Undergraduate Research Fellows Blog

  • The Morton Arboretum Interns gather outside of Union Station
    On July 12th, Undergraduate Research Fellows were invited to learn about the research being conducted by interns at the Field Museum.
  • A large brick building behind a beautiful tall tree.

    Hello, everyone! My name is Melissa, and over the course of the summer I have been working with the Chicago Region Trees Initiative (otherwise known as CRTI) as a Science and Conservation Communication Intern.

  • Learn about what I have been up to these past few weeks.
  • A yellow bee poised in front of a dark hole in the bark of tree

    While measuring and dating (or matching a year to each tree ring) the oak cores I collected earlier in the summer, I noticed an abundance of ring anomalies that aren’t supposed to be common in oaks.

  • The gray skeleton of a dinosaur displayed in the main hall of the Field Museum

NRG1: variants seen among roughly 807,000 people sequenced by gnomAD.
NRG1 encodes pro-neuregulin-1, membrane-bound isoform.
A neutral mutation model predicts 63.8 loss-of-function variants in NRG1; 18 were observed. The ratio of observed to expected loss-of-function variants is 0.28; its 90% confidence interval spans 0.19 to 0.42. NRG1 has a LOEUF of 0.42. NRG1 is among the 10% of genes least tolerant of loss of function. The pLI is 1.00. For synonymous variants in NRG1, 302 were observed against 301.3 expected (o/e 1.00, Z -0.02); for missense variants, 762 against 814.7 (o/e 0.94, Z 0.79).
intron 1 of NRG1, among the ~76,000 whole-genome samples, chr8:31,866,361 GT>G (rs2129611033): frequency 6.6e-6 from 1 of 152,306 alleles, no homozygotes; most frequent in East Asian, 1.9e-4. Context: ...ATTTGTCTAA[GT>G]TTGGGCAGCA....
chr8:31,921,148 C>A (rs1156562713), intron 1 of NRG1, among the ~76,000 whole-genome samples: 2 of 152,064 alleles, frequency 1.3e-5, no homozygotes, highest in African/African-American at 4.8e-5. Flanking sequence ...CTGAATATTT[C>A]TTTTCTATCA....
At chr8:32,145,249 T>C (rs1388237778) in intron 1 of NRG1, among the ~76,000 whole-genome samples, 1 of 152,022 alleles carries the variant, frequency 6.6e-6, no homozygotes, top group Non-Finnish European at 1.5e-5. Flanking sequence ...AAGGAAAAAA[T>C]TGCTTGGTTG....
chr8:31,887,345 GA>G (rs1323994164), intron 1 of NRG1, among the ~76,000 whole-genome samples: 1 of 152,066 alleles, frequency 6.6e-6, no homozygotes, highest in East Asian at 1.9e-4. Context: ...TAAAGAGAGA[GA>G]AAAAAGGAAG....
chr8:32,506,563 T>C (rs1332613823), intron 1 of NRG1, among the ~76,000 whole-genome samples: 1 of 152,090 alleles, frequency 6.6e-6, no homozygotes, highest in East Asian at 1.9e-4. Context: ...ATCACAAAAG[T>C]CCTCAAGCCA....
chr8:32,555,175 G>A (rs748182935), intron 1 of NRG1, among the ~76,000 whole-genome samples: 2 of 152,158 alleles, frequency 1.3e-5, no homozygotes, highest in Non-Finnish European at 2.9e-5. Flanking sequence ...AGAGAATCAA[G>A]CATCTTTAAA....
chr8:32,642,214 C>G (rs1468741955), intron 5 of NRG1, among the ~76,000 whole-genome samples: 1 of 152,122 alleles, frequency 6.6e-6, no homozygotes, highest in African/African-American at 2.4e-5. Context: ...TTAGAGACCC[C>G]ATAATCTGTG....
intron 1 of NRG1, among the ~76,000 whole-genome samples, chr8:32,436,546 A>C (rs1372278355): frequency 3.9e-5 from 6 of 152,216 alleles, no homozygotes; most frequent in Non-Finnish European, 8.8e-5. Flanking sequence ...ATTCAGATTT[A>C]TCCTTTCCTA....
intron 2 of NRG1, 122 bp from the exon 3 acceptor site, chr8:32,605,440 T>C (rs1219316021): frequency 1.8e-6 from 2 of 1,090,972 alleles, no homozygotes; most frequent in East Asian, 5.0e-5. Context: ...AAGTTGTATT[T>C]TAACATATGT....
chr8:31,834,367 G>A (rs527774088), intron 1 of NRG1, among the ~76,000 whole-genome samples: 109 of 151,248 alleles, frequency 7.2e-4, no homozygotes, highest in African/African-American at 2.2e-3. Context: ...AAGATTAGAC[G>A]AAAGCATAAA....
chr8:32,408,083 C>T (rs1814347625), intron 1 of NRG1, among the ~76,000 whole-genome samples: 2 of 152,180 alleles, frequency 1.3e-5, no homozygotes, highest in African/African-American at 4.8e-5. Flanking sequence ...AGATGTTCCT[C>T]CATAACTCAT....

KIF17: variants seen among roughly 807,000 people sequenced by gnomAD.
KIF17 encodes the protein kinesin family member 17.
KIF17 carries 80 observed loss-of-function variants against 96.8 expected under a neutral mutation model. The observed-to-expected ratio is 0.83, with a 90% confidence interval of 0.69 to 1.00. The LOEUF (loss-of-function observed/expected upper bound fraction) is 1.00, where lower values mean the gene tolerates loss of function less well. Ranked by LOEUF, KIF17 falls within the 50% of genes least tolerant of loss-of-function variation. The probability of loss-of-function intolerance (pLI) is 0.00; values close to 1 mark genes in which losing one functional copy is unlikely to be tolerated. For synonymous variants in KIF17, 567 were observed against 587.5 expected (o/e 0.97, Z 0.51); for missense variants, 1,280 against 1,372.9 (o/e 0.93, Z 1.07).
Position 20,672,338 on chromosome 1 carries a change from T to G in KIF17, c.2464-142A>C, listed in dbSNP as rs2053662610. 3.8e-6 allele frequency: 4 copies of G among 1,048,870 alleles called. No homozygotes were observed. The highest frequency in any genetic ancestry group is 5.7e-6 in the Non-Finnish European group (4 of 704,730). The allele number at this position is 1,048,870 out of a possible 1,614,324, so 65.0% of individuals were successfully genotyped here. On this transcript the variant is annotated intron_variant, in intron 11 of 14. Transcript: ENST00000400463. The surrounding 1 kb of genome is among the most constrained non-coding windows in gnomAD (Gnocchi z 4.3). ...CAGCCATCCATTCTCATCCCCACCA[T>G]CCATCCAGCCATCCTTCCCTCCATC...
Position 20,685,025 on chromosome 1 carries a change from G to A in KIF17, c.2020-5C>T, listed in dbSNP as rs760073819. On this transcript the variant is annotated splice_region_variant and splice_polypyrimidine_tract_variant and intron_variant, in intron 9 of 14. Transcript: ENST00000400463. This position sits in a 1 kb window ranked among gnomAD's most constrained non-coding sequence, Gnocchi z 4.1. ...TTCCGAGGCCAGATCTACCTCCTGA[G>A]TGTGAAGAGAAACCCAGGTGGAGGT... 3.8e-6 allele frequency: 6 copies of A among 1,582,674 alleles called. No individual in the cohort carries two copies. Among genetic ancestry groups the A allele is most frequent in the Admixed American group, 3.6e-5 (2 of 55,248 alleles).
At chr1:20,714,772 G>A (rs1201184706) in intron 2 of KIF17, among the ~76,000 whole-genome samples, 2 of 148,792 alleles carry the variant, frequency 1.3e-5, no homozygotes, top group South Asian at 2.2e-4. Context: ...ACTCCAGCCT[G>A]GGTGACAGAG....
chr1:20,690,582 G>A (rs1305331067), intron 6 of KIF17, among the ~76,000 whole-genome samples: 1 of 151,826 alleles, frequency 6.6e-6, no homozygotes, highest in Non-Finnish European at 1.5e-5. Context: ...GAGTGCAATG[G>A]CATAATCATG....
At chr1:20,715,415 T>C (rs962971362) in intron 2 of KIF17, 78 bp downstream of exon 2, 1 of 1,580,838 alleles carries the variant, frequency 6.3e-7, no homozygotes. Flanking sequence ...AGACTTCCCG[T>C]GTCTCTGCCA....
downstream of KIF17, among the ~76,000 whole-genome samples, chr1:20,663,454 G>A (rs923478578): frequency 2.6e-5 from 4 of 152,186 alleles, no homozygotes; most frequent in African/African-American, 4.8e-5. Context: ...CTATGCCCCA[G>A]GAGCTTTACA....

The Morton fellowship has not only given me the chance to create my own research project, but also to visit some exciting places. One of the places we visited was the Chicago Field Museum. The trip was extra exciting because we received a behind the scene view of the ongoing research. Here are some of the highlights of the trips.
  • Forest with a completely open understory.
    Moving out of the field and into the soils lab!
  • A sliver of a tree core with dark bands separating the tree rings

    I’ve spent the a majority of my time since my last blog peering down a microscope at tree rings, so I figured now was as good a time as any to share what I’ve learned.

  • A collage of five different tubes containing various liquids.
    Hi again! In this blog, I talk about the trials and tribulations I have faced during the data collection process.
  • Learn how to identify a few species of oaks!
  • Pink "X"s spray painted on the trunk of a Pin oak
    These past few week I have been working on setting the stage for my experiment. My project has changed a bit since my first post, and I am now studying the impact of an injury on the rate of sap flow in Pin oaks. Choosing the trees and installing the sap flow meters was a process that was completely new to me.

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